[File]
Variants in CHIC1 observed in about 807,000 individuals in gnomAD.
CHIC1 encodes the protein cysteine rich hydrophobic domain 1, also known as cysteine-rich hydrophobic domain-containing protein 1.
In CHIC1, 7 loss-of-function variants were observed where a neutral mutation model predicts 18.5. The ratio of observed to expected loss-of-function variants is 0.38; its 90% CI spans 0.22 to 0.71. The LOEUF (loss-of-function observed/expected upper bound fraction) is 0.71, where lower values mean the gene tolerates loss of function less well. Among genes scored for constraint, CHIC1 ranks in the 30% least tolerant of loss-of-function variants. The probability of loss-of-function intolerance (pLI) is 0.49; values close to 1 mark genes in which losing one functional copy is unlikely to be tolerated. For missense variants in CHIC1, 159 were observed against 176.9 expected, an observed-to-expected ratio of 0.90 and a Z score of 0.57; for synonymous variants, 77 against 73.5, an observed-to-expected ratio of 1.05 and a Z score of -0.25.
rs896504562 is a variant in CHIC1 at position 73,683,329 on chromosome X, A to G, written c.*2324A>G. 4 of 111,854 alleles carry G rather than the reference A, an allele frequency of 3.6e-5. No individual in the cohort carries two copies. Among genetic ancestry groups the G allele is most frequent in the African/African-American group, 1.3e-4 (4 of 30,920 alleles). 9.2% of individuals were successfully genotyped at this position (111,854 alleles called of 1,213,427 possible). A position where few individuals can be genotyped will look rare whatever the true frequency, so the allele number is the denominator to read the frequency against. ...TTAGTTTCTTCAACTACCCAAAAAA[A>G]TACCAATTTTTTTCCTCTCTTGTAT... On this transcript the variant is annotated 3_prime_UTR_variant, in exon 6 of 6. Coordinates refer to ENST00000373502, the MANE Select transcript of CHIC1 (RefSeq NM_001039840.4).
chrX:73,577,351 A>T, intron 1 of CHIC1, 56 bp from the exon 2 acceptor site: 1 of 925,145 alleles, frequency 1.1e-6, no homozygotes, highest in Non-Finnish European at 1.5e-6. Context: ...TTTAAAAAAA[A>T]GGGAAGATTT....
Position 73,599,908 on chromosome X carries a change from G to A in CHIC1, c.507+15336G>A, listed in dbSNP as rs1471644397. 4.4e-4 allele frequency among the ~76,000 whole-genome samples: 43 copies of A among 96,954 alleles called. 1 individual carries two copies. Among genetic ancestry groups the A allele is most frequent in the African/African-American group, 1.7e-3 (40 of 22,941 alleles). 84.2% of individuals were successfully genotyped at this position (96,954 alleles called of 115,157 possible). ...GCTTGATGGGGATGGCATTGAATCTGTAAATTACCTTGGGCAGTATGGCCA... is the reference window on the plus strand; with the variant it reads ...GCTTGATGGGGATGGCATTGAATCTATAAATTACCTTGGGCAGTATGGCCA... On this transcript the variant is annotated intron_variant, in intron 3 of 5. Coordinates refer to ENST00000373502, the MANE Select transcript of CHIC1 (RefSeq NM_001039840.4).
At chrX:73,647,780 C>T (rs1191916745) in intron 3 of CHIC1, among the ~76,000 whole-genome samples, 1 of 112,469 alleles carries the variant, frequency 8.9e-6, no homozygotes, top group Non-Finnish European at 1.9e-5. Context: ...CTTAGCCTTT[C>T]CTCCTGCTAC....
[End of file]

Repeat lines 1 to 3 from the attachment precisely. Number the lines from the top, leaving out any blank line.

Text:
Variants in CHIC1 observed in about 807,000 individuals in gnomAD.
CHIC1 encodes the protein cysteine rich hydrophobic domain 1, also known as cysteine-rich hydrophobic domain-containing protein 1.
In CHIC1, 7 loss-of-function variants were observed where a neutral mutation model predicts 18.5. The ratio of observed to expected loss-of-function variants is 0.38; its 90% CI spans 0.22 to 0.71. The LOEUF (loss-of-function observed/expected upper bound fraction) is 0.71, where lower values mean the gene tolerates loss of function less well. Among genes scored for constraint, CHIC1 ranks in the 30% least tolerant of loss-of-function variants. The probability of loss-of-function intolerance (pLI) is 0.49; values close to 1 mark genes in which losing one functional copy is unlikely to be tolerated. For missense variants in CHIC1, 159 were observed against 176.9 expected, an observed-to-expected ratio of 0.90 and a Z score of 0.57; for synonymous variants, 77 against 73.5, an observed-to-expected ratio of 1.05 and a Z score of -0.25.